~ Rupert Spira

~

Between living and death there is time. Time, that interval between what actually is and something which we call death, of which we are afraid. This interval between life and death is brought about by thought. Of course there is actual dying: the physical organism, through disease, accident, through usage, dies. But there is fear of death and the sorrow of death as a psychological ending. So there is not only the fear of physical dying, but also the fear of losing all the things that one has learnt, the memories, the experiences, the affections, the family, the hopes, the works, the character, all that one has developed, cultivated, nourished – fear of their coming to an end.”
~ J. Krishnamurti

~

We cling when we fear that without identifying with something or as something, “myself” will lack substance entirely, rendering ordinary life devoid of meaning. Even a glimmer of the possibility of emptiness and meaninglessness can feel terrifying—like glimpsing a bottomless void into which one might fall forever. And of course we fear death which, although many attempt to hold it at bay with religion and spirituality, will mean the end of the entire self-centered production called ‘my life’.”
~ Robert Saltzman

~

It all begins with ‘I, the body’,

That is the root of all suffering,

which our addictions seek to alleviate.”

~ Rupert Spira

 

635AFFA2-05B7-486F-8D19-46C78D56DD67

 

– Artwork by Daniel B. Holeman

Bibliography:
– ‘Presence’, Vol. I & II – by Rupert Spira (Non-Duality Press)
– ‘The First and Last Freedom’ – by J. Krishnamurti – (Rider Publishing)
– ‘The Ten Thousand Things’ – by Robert Saltzman – (Non-Duality Press)

Websites:
Rupert Spira
J. Krishnamurti
Robert Saltzman

Suggestion:
Fleeing to God (other pointers from the blog)

 

Every Time I Open my Eyes

This poem from Rupert Spira appears at the end of the film ‘The Unknowable Reality of Things’. Produced and directed by Zaya & Maurizio Benazzo, this film is a poem, a meditation made of a series of chapters, each introducing a question like ‘What do we mean by ‘I’”, or “The pure intimacy of experience”. For each of them, Rupert Spira, sitting or standing in a beautiful forest environment, brings a clear answer. It is delivered over a succession of elegant and soothing views of nature, like a dance with shapes, colours, and textures, highly conducive to going within…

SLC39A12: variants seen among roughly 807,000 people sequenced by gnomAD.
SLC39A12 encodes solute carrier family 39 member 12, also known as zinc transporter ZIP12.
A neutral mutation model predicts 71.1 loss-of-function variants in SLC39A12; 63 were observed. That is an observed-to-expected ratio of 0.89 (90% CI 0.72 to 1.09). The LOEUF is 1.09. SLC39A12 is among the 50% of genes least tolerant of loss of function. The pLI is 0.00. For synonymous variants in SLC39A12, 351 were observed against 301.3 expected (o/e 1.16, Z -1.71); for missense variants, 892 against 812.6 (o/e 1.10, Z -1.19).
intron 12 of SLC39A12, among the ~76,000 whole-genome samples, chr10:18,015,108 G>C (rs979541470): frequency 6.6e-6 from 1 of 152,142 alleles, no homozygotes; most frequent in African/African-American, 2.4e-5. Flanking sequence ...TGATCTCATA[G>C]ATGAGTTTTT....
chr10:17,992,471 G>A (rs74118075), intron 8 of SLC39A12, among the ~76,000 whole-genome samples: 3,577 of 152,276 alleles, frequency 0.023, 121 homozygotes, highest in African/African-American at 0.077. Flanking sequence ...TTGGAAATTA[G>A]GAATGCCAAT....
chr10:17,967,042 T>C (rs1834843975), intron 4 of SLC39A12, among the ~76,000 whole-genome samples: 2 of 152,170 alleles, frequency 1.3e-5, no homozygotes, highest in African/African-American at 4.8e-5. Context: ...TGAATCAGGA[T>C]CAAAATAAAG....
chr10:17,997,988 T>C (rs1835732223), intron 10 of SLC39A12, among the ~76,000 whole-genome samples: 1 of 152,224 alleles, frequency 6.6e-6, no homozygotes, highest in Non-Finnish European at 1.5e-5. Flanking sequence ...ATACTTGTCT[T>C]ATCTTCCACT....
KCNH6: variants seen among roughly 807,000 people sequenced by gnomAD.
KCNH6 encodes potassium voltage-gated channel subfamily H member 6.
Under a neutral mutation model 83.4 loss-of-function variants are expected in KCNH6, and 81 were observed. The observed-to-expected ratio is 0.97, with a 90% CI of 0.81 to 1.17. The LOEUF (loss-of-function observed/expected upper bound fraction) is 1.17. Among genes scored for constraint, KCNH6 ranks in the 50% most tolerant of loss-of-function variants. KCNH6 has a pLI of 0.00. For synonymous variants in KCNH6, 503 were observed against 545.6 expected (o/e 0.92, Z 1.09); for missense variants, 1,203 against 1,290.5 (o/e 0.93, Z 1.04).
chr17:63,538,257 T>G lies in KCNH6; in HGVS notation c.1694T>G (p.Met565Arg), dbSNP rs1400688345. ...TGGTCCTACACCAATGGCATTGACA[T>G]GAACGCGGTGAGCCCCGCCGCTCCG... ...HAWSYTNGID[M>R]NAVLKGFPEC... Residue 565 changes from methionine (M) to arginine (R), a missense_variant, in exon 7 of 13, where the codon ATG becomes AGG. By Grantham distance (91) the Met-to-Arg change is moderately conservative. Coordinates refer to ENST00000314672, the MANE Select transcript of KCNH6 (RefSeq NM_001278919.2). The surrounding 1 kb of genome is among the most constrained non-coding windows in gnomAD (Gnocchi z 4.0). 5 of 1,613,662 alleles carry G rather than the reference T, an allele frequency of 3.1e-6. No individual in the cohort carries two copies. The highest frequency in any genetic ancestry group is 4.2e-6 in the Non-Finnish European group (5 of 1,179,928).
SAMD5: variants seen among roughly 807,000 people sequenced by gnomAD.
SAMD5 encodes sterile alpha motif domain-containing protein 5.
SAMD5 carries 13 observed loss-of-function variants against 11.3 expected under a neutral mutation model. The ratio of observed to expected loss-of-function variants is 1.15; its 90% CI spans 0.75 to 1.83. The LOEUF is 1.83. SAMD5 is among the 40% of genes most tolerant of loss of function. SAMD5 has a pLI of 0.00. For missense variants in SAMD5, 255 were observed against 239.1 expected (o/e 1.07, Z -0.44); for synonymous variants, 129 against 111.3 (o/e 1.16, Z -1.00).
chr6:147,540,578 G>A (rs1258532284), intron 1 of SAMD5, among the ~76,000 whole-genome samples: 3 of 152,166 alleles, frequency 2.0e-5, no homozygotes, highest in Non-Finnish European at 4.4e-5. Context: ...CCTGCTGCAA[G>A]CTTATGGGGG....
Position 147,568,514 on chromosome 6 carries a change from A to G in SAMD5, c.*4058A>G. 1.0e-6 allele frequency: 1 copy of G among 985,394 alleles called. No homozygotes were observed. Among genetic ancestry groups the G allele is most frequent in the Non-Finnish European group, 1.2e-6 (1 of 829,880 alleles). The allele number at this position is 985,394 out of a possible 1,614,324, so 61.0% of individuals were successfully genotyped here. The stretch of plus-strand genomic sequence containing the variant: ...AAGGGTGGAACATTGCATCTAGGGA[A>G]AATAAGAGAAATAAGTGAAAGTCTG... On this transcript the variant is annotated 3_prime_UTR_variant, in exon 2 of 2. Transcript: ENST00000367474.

~~

Every time I open my eyes,
I invite the world to take shape.
And every time the world takes shape,
I’m invited to open my eyes.

Every time I open my eyes,
I invite the world to take shape.
And every time the world takes shape,
I’m invited to open my eyes
And see the world raw and naked,
Holding out its hand,
Calling me into itself,
Where I am taken into the transparency of thing
And find myself transparent there.
Standing on the edge, looking down and in
To the dark, silent pool in which the world is cradled.
And I am cradled there, held with all things
And hold all things in myself.
Myself, not a thing in the world,
But This, Here, Seeing,
In which the world opens,
Inviting and offering itself.
And every time it is seen, it dies.
And in dying, holds out its hand again
Asking to be taken in.
And every time I take it in,
I, too, die.
And in dying, am known,
As This, Here, Seeing.
Every time I open my eyes.

~ Rupert Spira

 

~~~

This poem appears in the film ‘The Unknowable Reality of Things’

Painting from Claude Monet: ‘Cliff at Grainval’ (1887)

~~~

4328055C-0BA1-4237-A1D6-95E97931055B

 

Bibliography:
– ‘The Transparency of Things’ – by Rupert Spira – (New Harbinger Publications)
– DVD: ‘The Unknowable Reality of Things’ with Rupert Spira – (Neti Neti Media)

Websites:
– Rupert Spira
– Neti Neti Media

Suggestion:
Voices from Silence (other poems from the blog)